It "tickles me to death" when a sophisticated magazine like Southern Living has a writer, Rick Bragg, the best in the South and maybe the best in the country, and they let him do his thing. How do I know? This month the March edition on page 122 is his monthly article, and it is titled, "Return of the Goat Man," with the subtitle, "For years, one small Alabama town had a sure sign that spring had sprung."
Brothers and sisters, if you don't know about the Goat Man, Ches McCartney, it's time for you to learn. Buy the magazine and turn, immediately, to Bragg's article and get educated. And, if you did see the Goat Man, and you were over 5 years old, then you do remember and you are prepared to share your "Goat Man story" with anyone who will listen.
Last weekend, Janice and I, along with our guests, Carol Horton and Faye Wilson, plus about 800 others attended the reunion of Fort Valley High School's 1960s band, The Malibus. What a show it was! Part of the conversation at our table grew out of my mentioning Bragg's article and everybody in hearing had a Goat Man story to tell. Everyone that had ever seen him, and smelled him, had a story. And, let me add that the crowd was mostly over 50 years old, so most everyone had at least one story to share.
Enough about the Goat Man. Let me quote a couple of lines from Bragg's article that had to do with his growing up in the rural South. "Some people, unaccustomed to the long, rolling nothing of a cotton field, would have said that there was not too much to do in Spring Garden, Alabama, in 1965. We fought boredom, my brother and I, the best we could."
Most folks would have said the same thing about Perry or Fort Valley, the Malibus notwithstanding. Well, if what we did in the '50s and '60s was boredom, I wish we could call back some of it, or, almost all of it, so our grandchildren could be bored.
Do children still play out at night? Do they catch lightning bugs and put them in a jar? Do they tie a thread around a June bug's leg and let it fly round and round until both the thread holder and the bug are exhausted?
I must have played in at least 1,000 games of basketball with other youngsters in my backyard on Swift Street in Perry. It might have been one of the Perry Panthers -- maybe Sam Nunn or Percy Hardy, and I'll bet that some of that Fort Valley Greenwave crowd, my age, were Ed Beck or Pat Swann.
By the way, basketball was really something in Middle Georgia in the '50s and '60s. There were outstanding coaches, great players and really close games. Fort Valley had Tee and Perry had Lee. Roberta's John Matthews could shoot as good as Larry Bird, but probably not quite as good as Perry's Dwayne Powell. I could go on and on, but let me just say it was for Perry and Fort Valley folks almost as memorable as the Goat Man.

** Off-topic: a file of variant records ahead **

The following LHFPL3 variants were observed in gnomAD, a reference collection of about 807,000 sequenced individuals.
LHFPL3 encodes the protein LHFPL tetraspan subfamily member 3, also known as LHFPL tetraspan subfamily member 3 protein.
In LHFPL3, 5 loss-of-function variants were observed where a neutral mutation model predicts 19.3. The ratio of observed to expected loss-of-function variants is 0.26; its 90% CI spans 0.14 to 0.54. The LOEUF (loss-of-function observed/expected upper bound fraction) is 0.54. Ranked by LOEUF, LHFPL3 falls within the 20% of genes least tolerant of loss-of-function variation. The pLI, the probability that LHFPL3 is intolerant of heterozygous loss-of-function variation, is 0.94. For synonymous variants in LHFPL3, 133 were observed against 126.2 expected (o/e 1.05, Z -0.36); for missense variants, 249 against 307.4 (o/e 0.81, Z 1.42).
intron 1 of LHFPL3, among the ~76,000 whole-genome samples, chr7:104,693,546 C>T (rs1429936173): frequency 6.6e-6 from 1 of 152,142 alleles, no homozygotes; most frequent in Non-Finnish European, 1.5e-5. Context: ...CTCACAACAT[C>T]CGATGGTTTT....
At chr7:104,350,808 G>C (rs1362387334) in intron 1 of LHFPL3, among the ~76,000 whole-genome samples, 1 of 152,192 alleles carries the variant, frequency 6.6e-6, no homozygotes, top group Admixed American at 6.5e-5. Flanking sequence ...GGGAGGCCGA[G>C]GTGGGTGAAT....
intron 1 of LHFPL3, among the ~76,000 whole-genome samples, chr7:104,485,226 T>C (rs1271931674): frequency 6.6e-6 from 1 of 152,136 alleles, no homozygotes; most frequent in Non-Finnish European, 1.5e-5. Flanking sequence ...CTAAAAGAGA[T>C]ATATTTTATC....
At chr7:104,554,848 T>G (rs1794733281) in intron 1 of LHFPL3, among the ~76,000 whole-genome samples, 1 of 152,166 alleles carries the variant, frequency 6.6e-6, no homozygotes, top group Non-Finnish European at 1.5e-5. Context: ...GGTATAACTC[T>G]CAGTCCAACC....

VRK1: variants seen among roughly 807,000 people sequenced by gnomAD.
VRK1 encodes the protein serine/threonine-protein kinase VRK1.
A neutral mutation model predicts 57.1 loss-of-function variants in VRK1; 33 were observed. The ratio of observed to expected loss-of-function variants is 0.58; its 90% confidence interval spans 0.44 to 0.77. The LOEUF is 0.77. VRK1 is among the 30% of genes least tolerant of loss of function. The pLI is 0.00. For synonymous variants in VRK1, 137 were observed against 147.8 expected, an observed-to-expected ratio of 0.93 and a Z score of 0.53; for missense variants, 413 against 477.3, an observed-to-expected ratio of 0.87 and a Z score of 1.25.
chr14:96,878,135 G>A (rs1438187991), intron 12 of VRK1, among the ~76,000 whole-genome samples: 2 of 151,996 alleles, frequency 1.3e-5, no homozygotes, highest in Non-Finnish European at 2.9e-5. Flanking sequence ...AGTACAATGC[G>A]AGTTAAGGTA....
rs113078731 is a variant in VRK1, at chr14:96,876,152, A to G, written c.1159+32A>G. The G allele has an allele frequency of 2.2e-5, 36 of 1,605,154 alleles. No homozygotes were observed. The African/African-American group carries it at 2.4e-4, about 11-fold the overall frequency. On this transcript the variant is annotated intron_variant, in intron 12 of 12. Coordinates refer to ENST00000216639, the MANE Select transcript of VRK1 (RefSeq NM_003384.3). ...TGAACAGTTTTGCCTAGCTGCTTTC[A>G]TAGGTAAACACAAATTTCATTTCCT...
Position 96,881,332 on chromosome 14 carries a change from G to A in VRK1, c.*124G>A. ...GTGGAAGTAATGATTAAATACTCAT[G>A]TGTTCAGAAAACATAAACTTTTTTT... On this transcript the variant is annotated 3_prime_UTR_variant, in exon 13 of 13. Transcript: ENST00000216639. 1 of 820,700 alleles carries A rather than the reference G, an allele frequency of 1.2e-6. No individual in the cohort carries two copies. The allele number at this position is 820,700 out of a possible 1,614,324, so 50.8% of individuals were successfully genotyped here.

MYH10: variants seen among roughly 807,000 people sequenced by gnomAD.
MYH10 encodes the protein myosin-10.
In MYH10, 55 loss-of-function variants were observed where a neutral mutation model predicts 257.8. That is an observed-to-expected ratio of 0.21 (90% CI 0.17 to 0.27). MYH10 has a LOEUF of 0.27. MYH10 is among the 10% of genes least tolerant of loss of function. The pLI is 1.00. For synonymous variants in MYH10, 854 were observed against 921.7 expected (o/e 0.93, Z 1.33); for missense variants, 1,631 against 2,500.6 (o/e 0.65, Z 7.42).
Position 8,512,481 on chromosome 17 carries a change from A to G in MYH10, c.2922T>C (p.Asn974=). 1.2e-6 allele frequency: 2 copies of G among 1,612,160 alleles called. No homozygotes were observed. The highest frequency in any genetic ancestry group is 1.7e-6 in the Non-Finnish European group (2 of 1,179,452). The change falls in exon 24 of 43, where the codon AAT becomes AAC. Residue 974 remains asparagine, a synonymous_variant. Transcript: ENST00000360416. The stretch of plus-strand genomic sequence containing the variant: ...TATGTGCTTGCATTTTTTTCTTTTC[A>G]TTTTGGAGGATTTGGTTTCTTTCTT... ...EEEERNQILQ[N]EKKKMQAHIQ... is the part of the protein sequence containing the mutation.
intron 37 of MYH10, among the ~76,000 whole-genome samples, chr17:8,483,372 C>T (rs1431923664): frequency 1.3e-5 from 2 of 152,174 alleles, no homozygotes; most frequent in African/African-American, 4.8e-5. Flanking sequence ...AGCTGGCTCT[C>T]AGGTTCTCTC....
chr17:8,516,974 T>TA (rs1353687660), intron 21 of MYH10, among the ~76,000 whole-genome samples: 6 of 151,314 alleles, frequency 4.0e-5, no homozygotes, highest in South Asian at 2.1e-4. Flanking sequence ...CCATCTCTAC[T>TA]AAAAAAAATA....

We had a science club at our house. We had jars full of all kinds of insects that we kept at the club's location -- a big fig tree in our back yard. We must have had six or eight active members.
I must have been Roy Rogers 500 times. And, I was Lash LaRue and Hopalong Cassidy a few times. I could shoot, rope and ride a horse -- at least in my mind, I could. I could shoot a pistol off of a black-hatted cowboy and not even hurt him.
I played "Pop the Whip" and "Red Rover, Red Rover." I even went to a few prom parties when I was in the eighth grade. And Teen Town dances at Perry's National Guard Armory will never be forgotten. In fact, The Malibus brought back memories of Teen Town.
I helped dam up a creek and "muddied" for fish -- and caught a few. I hunted rabbits at night, and dove and quail in the daytime. I even hunted and ate squirrel. And Pierce Staples and I killed and ate some pigeons and robins that Mrs. Staples cooked for us.
I worked. I did many different kinds of work. Daddy was serious about me working. The lessons of work have meant much to my life.
I could go on and on, but must close. But, let me say this: If this was boredom, I wish it on my grandchildren and today's young people. What I experienced would mean much to their lives. And I really wish they could have seen the Goat Man, and his goats. It would have given them a lasting memory and good tales to tell their grandchildren.
Larry Walker is a practicing attorney in Perry. Email: firstname.lastname@example.org.